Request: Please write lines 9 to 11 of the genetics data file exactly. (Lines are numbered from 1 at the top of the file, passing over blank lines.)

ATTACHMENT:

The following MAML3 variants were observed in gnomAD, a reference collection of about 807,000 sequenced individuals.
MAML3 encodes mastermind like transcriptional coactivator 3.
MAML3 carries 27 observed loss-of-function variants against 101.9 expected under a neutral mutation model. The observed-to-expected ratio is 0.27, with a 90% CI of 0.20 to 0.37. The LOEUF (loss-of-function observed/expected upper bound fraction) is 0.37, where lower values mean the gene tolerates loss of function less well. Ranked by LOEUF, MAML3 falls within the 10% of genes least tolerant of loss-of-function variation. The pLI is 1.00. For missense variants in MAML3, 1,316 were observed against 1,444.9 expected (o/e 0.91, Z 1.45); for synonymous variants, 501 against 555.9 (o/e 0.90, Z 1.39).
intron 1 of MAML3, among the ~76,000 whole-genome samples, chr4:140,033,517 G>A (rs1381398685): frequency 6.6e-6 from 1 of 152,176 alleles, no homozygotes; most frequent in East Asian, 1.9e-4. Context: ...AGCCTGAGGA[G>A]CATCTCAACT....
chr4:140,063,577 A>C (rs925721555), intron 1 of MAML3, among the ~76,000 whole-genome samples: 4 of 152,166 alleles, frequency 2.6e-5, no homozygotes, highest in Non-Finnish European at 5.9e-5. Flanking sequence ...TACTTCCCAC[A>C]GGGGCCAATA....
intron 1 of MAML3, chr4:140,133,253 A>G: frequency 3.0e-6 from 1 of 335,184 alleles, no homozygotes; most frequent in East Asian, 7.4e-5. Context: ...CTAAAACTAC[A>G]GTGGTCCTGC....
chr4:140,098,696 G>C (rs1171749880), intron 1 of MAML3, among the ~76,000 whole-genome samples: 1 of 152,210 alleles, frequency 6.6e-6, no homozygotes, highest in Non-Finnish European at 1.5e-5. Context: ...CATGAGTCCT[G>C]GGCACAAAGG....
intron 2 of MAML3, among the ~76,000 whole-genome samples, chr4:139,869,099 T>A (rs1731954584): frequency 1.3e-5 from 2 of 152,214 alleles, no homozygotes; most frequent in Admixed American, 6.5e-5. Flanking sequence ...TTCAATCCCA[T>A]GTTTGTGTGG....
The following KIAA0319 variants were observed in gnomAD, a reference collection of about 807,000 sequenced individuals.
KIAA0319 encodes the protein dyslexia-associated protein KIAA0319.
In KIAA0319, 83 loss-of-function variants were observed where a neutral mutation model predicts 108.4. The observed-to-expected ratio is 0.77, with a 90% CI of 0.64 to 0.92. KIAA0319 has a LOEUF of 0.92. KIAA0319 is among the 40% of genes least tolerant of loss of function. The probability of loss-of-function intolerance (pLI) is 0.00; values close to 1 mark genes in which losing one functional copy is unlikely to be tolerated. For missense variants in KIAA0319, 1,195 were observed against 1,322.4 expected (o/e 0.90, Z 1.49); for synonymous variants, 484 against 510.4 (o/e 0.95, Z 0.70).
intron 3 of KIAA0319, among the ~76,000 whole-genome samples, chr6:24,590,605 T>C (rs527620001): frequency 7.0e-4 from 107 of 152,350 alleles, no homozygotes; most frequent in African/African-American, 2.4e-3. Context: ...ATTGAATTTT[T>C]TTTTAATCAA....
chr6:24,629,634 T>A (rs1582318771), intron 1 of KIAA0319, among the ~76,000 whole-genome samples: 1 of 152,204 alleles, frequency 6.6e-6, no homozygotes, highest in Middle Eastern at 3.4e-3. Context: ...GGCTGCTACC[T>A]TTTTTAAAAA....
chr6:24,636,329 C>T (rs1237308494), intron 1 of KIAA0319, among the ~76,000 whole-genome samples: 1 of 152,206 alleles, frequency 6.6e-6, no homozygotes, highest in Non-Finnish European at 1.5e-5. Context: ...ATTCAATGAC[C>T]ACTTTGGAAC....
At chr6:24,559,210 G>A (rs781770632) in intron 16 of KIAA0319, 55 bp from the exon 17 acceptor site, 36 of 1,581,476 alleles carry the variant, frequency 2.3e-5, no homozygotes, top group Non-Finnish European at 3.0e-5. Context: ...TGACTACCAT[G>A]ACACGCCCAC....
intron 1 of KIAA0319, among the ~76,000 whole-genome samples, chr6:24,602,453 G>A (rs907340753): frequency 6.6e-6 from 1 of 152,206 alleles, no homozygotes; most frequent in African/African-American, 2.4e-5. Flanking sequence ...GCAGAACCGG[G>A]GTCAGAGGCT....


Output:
The following KIAA0319 variants were observed in gnomAD, a reference collection of about 807,000 sequenced individuals.
KIAA0319 encodes the protein dyslexia-associated protein KIAA0319.
In KIAA0319, 83 loss-of-function variants were observed where a neutral mutation model predicts 108.4. The observed-to-expected ratio is 0.77, with a 90% CI of 0.64 to 0.92. KIAA0319 has a LOEUF of 0.92. KIAA0319 is among the 40% of genes least tolerant of loss of function. The probability of loss-of-function intolerance (pLI) is 0.00; values close to 1 mark genes in which losing one functional copy is unlikely to be tolerated. For missense variants in KIAA0319, 1,195 were observed against 1,322.4 expected (o/e 0.90, Z 1.49); for synonymous variants, 484 against 510.4 (o/e 0.95, Z 0.70).